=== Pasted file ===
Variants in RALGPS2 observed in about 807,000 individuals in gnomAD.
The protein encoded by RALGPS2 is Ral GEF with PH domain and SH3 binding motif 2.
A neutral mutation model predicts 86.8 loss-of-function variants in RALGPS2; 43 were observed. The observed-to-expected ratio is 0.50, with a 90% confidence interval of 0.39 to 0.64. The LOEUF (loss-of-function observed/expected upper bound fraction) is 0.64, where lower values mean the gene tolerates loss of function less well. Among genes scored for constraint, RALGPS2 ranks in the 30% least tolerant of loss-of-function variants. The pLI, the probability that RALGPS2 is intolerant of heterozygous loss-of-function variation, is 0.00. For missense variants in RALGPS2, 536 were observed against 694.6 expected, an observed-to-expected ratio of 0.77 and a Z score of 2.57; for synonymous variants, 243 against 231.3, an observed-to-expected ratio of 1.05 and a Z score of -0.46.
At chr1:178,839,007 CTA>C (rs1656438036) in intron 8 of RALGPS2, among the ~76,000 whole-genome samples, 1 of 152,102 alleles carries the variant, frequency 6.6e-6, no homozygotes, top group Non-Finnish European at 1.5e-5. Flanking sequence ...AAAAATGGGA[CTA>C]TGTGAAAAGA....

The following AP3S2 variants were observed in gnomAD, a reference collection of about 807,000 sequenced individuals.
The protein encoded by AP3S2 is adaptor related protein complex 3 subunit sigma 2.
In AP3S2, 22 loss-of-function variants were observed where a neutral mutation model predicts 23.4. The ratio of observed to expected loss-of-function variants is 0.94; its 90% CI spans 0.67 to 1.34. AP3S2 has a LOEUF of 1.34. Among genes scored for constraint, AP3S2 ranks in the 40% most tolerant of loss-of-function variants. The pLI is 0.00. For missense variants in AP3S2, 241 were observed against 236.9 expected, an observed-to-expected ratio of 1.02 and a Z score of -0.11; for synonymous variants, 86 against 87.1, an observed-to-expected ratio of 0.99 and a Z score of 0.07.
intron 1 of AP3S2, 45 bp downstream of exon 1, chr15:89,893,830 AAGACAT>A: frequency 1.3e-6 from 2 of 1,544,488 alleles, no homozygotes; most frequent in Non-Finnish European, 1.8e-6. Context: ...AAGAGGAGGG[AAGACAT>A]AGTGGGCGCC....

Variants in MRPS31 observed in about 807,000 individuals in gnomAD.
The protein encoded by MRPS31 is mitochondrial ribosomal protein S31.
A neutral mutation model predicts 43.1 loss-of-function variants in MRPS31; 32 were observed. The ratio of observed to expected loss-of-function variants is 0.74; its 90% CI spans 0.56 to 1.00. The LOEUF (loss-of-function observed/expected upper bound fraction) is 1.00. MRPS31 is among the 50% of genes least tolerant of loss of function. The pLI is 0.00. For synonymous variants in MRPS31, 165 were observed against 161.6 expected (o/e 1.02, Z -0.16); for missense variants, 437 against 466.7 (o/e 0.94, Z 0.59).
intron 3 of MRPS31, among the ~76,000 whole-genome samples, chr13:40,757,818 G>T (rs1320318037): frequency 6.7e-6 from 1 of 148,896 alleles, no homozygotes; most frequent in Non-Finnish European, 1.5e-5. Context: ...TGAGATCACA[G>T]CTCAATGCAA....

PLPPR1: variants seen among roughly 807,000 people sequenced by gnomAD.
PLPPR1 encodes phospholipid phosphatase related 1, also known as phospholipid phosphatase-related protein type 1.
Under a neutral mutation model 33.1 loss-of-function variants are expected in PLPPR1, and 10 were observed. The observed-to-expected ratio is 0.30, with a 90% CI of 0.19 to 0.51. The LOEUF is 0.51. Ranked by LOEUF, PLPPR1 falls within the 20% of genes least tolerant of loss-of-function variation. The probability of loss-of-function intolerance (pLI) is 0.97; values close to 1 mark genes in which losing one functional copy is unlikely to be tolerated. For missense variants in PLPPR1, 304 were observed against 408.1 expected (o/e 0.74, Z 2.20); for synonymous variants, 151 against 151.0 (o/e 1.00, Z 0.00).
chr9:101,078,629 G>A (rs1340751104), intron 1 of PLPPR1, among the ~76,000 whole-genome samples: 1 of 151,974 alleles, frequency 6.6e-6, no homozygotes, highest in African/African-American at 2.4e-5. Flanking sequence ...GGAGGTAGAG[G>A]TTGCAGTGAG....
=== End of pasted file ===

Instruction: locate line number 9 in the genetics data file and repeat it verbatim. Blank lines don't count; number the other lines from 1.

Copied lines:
Variants in MRPS31 observed in about 807,000 individuals in gnomAD.